On December 22, 2016, the New York Court of Appeals ruled that excluding an individual of any race from jury service based solely on skin color violates the New York Equal Protection Clause and the New York Civil Rights Law. This ruling originated after the prosecutor in People v. Joseph Bridgeforth excluded dark-skinned people of various races from the jury, including a dark-skinned Indian American woman. Mr. Bridgeforth’s counsel challenged the jury selection process, claiming that excluding jurors by race or skin color violated New York law. The court’s decision can be read here. The U.S. Supreme Court previously ruled in Batson v. Kentucky that jurors cannot be excluded based solely on their race, color, creed or religion. The ruling on December 22, 2016 is the first time discrimination based on skin color has been upheld as unlawful based on Baston v. Kentucky. NAPAWF signed on to the amicus brief earlier in the year.
Lundy Khoy Publishes an Open Letter in the New York Times
In November, Lundy Khoy wrote an open letter to President-Elect Trump for the New York Times, and was interviewed by CNN on December 14th. Lundy’s parents fled Pol Pot genocide in Camobdia and she was born in a Thai refugee camp. She has lived in the U.S. her whole life—she and her parents are legal permanent residents and her brother and sister were born in the United States. After an arrest in 2000, Lundy was faced with a deportation order in 2004. While she received a pardon from the Governor of Virginia this spring, the Federal Government may still deport her if it wishes. NAPAWF has signed on to SEARAC’s community letter in support of Lundy--to add your name, click here!
Read more about Lundy Khoy’s story below:
- “After run-in with law, Cambodian immigrant’s permanent residency is at risk” by Tara Bahrampour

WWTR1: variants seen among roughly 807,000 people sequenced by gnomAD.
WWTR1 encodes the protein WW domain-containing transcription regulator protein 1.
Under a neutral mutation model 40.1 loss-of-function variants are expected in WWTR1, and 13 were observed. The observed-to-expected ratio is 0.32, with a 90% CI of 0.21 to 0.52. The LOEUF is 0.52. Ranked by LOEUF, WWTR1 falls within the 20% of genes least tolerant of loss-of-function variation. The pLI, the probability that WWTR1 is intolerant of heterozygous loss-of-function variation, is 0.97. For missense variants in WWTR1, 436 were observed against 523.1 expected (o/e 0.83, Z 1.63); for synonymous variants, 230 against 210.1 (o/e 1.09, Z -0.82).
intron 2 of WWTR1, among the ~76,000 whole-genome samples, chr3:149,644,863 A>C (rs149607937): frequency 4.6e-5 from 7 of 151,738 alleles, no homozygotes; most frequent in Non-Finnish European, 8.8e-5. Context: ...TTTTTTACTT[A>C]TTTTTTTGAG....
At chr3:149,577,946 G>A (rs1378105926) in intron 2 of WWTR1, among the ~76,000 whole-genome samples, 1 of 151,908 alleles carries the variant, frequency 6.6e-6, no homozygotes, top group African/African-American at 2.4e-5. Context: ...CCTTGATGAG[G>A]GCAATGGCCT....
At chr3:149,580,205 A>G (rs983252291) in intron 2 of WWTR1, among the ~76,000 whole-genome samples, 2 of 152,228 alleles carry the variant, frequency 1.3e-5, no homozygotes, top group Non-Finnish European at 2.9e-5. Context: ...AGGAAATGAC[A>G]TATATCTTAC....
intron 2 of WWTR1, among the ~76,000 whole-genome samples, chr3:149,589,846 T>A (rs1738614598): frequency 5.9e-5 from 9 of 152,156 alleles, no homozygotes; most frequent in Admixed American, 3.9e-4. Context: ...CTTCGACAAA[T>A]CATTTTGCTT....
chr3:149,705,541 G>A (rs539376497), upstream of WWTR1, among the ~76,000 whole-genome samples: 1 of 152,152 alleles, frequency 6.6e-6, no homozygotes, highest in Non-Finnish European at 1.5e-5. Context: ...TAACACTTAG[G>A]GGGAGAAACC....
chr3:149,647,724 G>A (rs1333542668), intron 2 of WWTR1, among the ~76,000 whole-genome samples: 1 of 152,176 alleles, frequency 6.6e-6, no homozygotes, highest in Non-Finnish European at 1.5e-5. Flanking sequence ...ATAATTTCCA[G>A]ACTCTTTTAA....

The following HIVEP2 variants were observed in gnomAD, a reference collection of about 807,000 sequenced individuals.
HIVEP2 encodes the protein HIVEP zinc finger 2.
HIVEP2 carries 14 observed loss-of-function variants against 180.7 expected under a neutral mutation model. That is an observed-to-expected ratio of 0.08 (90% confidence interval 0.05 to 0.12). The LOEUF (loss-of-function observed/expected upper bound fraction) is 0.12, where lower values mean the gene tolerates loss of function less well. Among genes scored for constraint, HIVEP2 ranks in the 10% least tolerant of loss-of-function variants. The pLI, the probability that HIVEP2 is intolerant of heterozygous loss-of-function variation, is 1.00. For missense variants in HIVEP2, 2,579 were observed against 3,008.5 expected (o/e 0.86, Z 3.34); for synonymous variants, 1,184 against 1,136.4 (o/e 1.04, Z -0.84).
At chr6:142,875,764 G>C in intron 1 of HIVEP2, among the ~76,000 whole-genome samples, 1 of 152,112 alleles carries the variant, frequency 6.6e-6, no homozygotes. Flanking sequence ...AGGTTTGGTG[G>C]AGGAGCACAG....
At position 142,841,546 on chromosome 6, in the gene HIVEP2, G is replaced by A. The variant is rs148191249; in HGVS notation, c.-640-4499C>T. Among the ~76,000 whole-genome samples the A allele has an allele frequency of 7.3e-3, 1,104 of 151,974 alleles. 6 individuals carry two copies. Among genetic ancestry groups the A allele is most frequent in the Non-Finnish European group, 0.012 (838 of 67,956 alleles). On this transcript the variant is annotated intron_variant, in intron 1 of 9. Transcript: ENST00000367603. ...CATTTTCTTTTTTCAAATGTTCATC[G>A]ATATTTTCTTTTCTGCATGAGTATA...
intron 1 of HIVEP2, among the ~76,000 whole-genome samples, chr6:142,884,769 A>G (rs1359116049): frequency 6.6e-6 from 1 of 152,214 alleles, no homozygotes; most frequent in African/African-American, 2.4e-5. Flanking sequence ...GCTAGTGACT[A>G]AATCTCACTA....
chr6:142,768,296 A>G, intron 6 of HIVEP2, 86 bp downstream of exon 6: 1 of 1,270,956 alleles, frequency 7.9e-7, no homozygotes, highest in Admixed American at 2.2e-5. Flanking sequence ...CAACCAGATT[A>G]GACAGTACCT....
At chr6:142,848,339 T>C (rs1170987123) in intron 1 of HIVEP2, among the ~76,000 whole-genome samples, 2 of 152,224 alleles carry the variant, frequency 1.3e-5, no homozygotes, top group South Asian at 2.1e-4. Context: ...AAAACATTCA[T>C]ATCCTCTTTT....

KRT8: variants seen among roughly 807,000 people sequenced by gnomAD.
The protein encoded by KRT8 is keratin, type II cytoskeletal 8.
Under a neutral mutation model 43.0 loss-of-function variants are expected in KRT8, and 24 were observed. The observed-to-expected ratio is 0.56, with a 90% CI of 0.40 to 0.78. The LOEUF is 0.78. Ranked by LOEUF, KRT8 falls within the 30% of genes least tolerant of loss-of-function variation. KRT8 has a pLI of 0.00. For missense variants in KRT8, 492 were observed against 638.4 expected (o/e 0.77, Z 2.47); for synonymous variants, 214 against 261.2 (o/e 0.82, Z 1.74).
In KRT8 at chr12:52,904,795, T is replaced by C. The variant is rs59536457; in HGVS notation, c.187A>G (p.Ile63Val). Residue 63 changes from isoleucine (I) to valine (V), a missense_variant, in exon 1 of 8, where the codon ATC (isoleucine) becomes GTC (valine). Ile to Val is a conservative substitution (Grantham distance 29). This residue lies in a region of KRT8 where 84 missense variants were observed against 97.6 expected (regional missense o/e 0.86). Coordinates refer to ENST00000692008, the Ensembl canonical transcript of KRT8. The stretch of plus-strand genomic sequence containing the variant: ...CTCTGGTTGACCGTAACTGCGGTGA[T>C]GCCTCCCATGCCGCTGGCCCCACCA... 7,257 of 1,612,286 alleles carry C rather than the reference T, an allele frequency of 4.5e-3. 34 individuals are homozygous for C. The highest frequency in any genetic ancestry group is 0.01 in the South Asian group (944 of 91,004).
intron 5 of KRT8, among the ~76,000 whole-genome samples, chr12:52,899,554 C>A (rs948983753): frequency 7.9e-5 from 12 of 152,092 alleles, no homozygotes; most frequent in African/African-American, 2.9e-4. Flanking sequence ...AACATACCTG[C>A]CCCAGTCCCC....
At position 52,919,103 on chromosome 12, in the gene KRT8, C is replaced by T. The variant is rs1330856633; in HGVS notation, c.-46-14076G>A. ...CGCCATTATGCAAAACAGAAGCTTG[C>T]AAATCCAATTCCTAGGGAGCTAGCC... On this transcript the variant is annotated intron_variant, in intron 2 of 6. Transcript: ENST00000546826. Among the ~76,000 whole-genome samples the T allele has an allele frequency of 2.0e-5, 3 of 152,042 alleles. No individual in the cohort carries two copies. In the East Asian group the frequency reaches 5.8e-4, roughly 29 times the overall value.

- “Why Are Immigrants Being Deported for Minor Crimes?” by Steve Patrick Ercolani
- “Cambodian Legal Resident Fights Deportation” by Asam News
D.C. passes Paid Family Leave Act!
Photo Credit: Jabin Botsford/The Washington Post
On December 20th, the D.C. City Council passed the Universal-Paid Leave Amendment Act. The Act is one of the most generous family paid leave bills in the nation and gives eight weeks of leave to new parents, six weeks for caring for an ill family member, and two weeks of personal sick leave. D.C. Council approved the legislation 9-4 and it will be funded by a 0.62 percent payroll tax. Paid leave legislation was originally introduced last fall by At-large Councilmembers David Grosso and Elissa Silverman. Councilmember Phil Mendelson introduced the revised paid leave legislation after consulting with different funding model analysts. After three hearings over the summer prior to the Council recess, the Council finally voted on the Universal Paid Leave Amendment Act in December. NAPAWF supported this effort through the D.C. Paid Leave Coalition and is excited to see D.C. become a leader in supporting women and families in the workforce!
Read more about DC’s Universal-Paid Leave Amendment Act here:
- “Washington, D.C. Passes 8 Week Paid Parental Leave Bill” by Clare O'Connor
- “Washington, D.C., expands paid leave law” by The Associated Press
- “D.C. Council votes for expansive paid family and medical leave for private-sector workers” by Peter Jamison
- “The paid family leave bill benefits D.C. residents” by Ed Lazere, Washington
- “Where Startups Stand on DC's Universal Paid Leave Act” by Samantha Sabin
- “D.C. Restaurant Workers Win Legally-Mandated Paid Leave. Here’s Why That Matters” by Ryan Sutton
- “D.C.’s Battle for Paid Family Leave” by Alexia Fernández Campbell
Center for American Progress releases report on Asian American and Wealth Inequality
Photo Credit: AP/Elaine Thompson